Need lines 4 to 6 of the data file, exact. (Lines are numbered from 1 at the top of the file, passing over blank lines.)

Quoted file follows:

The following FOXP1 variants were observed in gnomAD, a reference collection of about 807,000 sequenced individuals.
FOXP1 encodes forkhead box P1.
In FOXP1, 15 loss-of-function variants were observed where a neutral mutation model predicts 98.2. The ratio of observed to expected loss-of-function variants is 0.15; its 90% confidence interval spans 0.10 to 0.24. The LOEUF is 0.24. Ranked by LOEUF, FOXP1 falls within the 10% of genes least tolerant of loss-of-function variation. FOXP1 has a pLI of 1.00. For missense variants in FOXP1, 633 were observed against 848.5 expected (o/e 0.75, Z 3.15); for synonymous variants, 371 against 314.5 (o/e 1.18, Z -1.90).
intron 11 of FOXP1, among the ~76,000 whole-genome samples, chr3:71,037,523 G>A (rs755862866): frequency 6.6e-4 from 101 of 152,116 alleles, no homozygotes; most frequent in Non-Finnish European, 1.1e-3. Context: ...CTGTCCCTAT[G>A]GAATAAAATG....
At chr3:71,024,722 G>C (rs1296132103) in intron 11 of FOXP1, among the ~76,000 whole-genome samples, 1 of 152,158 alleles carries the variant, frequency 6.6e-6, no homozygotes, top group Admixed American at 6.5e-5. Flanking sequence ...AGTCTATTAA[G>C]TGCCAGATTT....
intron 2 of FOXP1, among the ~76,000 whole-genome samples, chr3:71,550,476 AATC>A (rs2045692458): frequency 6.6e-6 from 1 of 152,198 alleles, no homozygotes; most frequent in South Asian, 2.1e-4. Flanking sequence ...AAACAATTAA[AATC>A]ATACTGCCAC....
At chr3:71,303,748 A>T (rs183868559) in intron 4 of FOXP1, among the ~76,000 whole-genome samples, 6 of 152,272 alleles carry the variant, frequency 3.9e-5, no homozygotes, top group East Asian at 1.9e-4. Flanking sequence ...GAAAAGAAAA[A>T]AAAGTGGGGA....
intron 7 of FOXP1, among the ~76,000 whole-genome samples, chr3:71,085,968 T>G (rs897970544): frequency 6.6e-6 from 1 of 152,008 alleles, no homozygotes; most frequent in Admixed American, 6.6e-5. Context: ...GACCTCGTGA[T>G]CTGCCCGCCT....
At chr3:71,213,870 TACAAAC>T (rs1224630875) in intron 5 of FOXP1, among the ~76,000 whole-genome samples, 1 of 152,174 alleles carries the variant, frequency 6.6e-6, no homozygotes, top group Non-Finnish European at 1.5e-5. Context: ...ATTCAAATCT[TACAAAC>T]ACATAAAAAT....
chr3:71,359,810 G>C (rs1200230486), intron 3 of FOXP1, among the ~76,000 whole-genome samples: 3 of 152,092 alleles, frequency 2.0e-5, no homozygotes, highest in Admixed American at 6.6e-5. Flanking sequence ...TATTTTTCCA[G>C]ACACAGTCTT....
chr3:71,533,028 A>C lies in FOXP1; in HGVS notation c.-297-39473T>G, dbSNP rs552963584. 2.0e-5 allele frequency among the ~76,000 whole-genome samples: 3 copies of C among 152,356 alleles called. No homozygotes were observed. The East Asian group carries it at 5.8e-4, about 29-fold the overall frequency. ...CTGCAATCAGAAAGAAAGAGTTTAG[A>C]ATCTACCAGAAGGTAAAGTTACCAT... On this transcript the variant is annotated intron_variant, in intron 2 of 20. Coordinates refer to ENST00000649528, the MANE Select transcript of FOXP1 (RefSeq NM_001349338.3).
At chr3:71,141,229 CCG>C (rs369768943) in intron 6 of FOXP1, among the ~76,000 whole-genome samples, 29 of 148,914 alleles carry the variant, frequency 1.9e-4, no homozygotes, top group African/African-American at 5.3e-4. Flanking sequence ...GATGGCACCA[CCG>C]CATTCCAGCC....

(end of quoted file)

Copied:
intron 11 of FOXP1, among the ~76,000 whole-genome samples, chr3:71,037,523 G>A (rs755862866): frequency 6.6e-4 from 101 of 152,116 alleles, no homozygotes; most frequent in Non-Finnish European, 1.1e-3. Context: ...CTGTCCCTAT[G>A]GAATAAAATG....
At chr3:71,024,722 G>C (rs1296132103) in intron 11 of FOXP1, among the ~76,000 whole-genome samples, 1 of 152,158 alleles carries the variant, frequency 6.6e-6, no homozygotes, top group Admixed American at 6.5e-5. Flanking sequence ...AGTCTATTAA[G>C]TGCCAGATTT....
intron 2 of FOXP1, among the ~76,000 whole-genome samples, chr3:71,550,476 AATC>A (rs2045692458): frequency 6.6e-6 from 1 of 152,198 alleles, no homozygotes; most frequent in South Asian, 2.1e-4. Flanking sequence ...AAACAATTAA[AATC>A]ATACTGCCAC....